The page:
TT: In 1993, shortly after your appointment as president of The Southern Baptist Theological Seminary, there was substantial faculty fallout and a sharp move in an orthodox direction. Would you give us a glimpse into that time for you and how a seminary could do an about-face in such a short span of time?
AM: My election as president of Southern Seminary came in the course of a larger movement within the Southern Baptist Convention (SBC) — a movement that was specifically an attempt to bring the denomination back to its theological roots and especially to ground the denomination and its schools in a very clear affirmation of biblical inerrancy.
The seminaries of the SBC had drifted considerably to the left over the previous half-century to the point that, in many ways, they were almost indistinguishable from mainline Protestant institutions. My election in 1993 did not occur in a vacuum. It was very much a part of this effort, and everyone knew what was at stake. I think I was elected, at least in part, because I had a very clear plan for how to bring a theological correction to an institution like Southern Seminary, the mother seminary of our denomination. It would be costly, it would be controversial, and it would be extremely difficult. But the only way to reform an academic institution and to bring it back to a clear affirmation of biblical orthodoxy was to make clear that we were a confessional institution that held to those doctrinal parameters.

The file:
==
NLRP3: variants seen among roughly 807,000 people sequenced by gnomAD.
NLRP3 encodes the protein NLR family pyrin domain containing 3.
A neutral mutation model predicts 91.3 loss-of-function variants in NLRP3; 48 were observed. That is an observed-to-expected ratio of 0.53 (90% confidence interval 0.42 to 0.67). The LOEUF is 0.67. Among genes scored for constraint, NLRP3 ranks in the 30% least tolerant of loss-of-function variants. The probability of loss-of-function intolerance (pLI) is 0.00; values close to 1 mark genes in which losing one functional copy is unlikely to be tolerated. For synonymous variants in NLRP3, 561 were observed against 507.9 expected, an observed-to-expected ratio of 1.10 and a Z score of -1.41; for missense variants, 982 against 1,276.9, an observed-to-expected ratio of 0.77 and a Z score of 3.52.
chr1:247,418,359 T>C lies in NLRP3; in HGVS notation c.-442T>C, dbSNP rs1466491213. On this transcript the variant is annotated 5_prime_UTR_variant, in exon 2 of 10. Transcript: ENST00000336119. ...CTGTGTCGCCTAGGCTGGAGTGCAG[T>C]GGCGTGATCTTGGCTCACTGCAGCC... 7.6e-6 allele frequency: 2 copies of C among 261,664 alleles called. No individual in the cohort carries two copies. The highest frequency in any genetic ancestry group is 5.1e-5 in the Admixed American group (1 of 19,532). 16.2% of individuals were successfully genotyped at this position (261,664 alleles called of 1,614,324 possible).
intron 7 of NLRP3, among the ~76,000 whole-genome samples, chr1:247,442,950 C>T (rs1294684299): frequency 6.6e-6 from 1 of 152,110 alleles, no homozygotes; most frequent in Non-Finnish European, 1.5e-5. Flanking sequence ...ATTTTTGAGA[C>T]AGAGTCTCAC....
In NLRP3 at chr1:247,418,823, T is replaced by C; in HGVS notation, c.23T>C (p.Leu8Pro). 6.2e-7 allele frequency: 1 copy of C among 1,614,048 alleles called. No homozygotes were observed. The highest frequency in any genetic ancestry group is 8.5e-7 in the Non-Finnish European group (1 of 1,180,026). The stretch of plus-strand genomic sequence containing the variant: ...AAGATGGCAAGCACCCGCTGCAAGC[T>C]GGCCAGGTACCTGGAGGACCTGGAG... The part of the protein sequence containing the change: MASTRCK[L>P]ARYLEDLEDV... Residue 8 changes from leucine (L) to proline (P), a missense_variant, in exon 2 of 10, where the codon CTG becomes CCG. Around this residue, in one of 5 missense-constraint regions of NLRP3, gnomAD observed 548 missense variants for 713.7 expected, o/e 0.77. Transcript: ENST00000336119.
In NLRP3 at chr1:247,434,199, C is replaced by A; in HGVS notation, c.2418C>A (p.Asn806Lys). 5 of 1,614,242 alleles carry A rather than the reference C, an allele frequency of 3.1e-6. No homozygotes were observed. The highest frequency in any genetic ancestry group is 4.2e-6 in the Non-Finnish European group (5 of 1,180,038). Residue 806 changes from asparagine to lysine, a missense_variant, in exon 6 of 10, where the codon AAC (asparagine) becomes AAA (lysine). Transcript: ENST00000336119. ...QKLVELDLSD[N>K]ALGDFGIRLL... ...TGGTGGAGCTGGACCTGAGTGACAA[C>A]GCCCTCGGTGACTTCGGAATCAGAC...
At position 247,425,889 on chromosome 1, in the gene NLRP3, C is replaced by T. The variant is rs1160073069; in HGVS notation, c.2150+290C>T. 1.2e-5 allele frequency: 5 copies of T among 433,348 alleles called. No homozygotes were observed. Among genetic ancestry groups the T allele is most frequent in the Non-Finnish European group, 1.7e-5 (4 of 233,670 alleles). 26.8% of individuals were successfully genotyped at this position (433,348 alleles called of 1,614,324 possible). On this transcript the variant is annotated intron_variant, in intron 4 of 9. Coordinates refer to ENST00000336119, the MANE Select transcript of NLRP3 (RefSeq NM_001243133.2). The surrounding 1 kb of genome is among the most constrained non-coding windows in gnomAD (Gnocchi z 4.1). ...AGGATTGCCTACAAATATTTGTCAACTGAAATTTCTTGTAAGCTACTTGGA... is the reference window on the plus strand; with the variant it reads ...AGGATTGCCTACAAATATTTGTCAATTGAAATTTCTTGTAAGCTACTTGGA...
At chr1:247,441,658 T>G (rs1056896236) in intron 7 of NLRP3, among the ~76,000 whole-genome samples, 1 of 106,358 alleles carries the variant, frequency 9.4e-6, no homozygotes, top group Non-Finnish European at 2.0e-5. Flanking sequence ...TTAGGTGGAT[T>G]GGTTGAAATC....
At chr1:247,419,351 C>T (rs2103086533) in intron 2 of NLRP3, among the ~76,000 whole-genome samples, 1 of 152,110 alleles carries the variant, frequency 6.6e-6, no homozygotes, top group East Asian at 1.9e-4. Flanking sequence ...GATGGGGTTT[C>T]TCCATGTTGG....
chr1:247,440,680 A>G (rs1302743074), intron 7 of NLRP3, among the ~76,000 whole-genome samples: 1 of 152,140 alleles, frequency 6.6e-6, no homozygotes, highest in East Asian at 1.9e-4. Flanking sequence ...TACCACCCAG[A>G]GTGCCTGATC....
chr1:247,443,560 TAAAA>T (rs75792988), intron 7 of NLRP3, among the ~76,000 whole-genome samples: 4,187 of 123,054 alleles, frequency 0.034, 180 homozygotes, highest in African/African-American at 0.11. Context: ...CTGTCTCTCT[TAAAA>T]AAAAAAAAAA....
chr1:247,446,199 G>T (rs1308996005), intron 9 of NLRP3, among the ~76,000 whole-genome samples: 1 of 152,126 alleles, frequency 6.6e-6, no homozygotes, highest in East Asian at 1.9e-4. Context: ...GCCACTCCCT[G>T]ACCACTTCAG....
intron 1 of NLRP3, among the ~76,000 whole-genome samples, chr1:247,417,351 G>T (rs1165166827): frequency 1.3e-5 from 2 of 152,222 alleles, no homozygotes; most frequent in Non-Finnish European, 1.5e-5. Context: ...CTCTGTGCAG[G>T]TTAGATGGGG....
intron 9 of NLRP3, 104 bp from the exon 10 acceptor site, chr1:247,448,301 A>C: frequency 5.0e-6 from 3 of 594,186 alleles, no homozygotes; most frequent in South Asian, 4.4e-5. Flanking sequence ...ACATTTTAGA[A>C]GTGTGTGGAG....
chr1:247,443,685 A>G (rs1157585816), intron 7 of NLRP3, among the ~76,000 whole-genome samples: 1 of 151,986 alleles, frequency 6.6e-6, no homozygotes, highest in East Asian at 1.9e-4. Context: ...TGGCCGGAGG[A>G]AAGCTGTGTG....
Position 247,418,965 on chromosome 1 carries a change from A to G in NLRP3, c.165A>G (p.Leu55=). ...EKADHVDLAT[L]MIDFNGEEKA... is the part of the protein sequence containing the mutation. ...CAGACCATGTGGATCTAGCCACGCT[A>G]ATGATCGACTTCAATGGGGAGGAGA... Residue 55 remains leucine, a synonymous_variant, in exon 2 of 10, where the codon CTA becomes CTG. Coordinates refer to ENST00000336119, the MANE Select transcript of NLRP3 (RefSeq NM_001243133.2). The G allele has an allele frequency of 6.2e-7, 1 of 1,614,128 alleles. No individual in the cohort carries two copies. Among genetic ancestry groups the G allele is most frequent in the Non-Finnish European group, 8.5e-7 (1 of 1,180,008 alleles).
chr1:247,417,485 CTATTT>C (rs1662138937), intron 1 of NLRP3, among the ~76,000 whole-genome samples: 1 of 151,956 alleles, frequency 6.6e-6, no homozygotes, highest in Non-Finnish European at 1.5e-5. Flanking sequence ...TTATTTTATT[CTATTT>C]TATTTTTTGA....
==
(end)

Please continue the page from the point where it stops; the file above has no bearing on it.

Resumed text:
It was indeed a very difficult time. The controversy and the conflict were, in human terms, almost unbearable, but it was clear to those who love biblical truth that it would be far better for the institution to die than for it to continue in the direction that it had been headed for several decades. Those of us who undertook this task understood it was a great risk, but we also understood that it simply had to be done. Institutions move left progressively, inch by inch. They move in a more liberal direction compromise by compromise. But you cannot correct an institution the same way. Confessional integrity is not something that can be accommodated to a progressive timeline. There is no way to say, "We are tolerating less and less heresy and false teaching." If confessional integrity is to mean anything, it must stand as an absolute standard. For that reason, we went through five or six years of very intense controversy, and on the other side of it, we were able, by God's grace, to emerge with a very clear confessional identity. We have a faculty of incredible scholars who are committed to teach within our confessional statement, and thousands of students have come to Southern knowing exactly where we stand.
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